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Slow economic growth is the “new normal,” experts say
Business economists say that “Americans should get used to a ‘new normal’ of slow economic growth,” Cincinnati.com reports. “The median estimate from economists surveyed by the National Association for Business Economics surveyed calls for the American economy to grow 2.2 percent in 2017,” up from 1.6 percent forecasted this year, according to the article. From 1948 to 2015, economic growth in the United States averaged 3.1 percent a year, but 80 percent of economists surveyed believe the potential growth rate of the country’s economy “will remain at 2.5 percent or lower over the next five years.” However, they think the risk of recession is remote, and “90 percent expect the current economic expansion to continue until at least 2018.” Two-fifths of the economists said infrastructure spending increases “would be the best way to boost economic growth over the next four years,” while 36 percent of them said tax reform would best promote growth. For more, read the full article.
Ohio Attorney General’s annual report analyzes compliance rate for incentive awards
Nearly 85 percent of companies and organizations that received economic development awards from the state of Ohio were in compliance with the requirements of those awards in 2015, according to State Attorney General Mike DeWine’s 2016 Report to the General Assembly. Of the 329 awards with a performance period ending in 2015, 279 “were in substantial compliance” for an “overall compliance rate of 84.8%,” according to a press release from DeWine’s office. In the press release, DeWine said, “[w]hile the state encourages growth in business, capital investments, and workforce retention and enhancement through incentives and training, it is imperative that these taxpayer dollars are used wisely.” The report lists compliance rates by category, with workforce awards at 100 percent, grants at 86.3 percent, tax credits at 80.0 percent, and loans at 82.8 percent. Recipients not in compliance may be subject to remedial action, according to the report. To read the press release, including a link to the full report, click here.
JobsOhio plans three initiatives to bring more jobs to the state
As JobsOhio “moves past [its] start-up phase,” the group has three new development ideas in the works to support job growth in Ohio, the Dayton Business Journal reports. JobsOhio “has begun in earnest to be a part of the incentives puzzle for companies looking to invest and grow jobs,” and the three “major initiatives will move the organization forward in the next two years,” according to the article. A SiteOhio program will help “build a directory of greenfields in the state most ready for quick development” so companies looking for new locations can “quickly evaluate where the best opportunities are in the state.” A talent management program “will help train workers” for companies already located or moving to Ohio, and develop “a ready workforce for others that are looking.” A research and development grant program will use “up to $50 million” to help “bridge the gap” for mid-market companies “whose ideas are formed but need some research funds to connect the dots that get them to the market.” For more, read the full article.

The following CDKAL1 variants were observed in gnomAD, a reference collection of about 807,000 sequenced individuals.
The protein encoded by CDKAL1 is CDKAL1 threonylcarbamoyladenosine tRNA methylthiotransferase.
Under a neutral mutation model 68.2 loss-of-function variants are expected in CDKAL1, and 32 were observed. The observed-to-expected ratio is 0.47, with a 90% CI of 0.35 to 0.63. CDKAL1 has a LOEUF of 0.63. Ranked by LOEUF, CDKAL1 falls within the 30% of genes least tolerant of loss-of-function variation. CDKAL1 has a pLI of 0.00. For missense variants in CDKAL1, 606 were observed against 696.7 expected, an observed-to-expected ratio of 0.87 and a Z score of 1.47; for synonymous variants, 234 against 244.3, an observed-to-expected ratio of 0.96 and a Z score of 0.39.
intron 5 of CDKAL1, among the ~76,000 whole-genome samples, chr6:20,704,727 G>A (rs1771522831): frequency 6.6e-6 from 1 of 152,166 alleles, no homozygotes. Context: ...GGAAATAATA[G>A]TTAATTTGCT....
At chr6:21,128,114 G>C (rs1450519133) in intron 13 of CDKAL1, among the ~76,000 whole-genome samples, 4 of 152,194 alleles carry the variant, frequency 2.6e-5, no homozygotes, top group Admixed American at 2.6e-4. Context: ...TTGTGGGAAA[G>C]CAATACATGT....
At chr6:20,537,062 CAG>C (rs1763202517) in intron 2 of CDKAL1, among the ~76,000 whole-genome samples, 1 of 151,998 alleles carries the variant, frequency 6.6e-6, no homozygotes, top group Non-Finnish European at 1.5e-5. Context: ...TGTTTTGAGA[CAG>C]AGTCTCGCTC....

Special district could mean Hall of Fame Village will help pay for itself
Construction of the Johnson Controls Hall of Fame Village could be funded by tax revenues the tourist attraction brings in after it is built and drawing visitors, CantonRep.com reports. Canton City Council is scheduled to “vote on legislation to establish the area as a Tourism Development District,” in which fees and taxes on business conducted within the district could pay off bonds issued to finance the development, according to the article. Revenue could be generated in several ways, such as through an additional sales tax, an admissions tax on parking and tickets, and lodging tax revenue; these and other sources could “yield close to $6.2 million annually” and an estimated $52 million total “to help finance the construction of the stadium, hotel, arena and amusement park-like attractions.” Stark County is “the only place in Ohio permitted to create a Tourism Development District,” and this would be the first one in the state if Canton approves it. For more, read the full article.
JobsOhio promises $1M to two companies for nearly 400 jobs
Two western Ohio companies will each receive a $500,000 grant from JobsOhio, in return for 395 jobs totaling “close to $19 million in new payroll” for the Dayton area in the next few years, the Dayton Business Journal reports. NuVasive Inc., a San Diego-based medical device and spine implant company, “received a $500,000 grant toward its $45 million manufacturing facility in West Carrollton,” according to the article. The company plans to use the location “as the center of all of its manufacturing as it grows around the world”; NuVasive will move about 100 existing employees to the area and hire 195 new employees in the coming years, for a total of $9.2 million in new payroll for the Dayton region. R&L Carriers received a $500,000 grant “for its $11 million expansion project in Liberty Township” that will “expand its headquarters and add 200 jobs” totaling $9.5 million in new payroll. R&L will also retain about 1,450 existing jobs. For more, read the full article.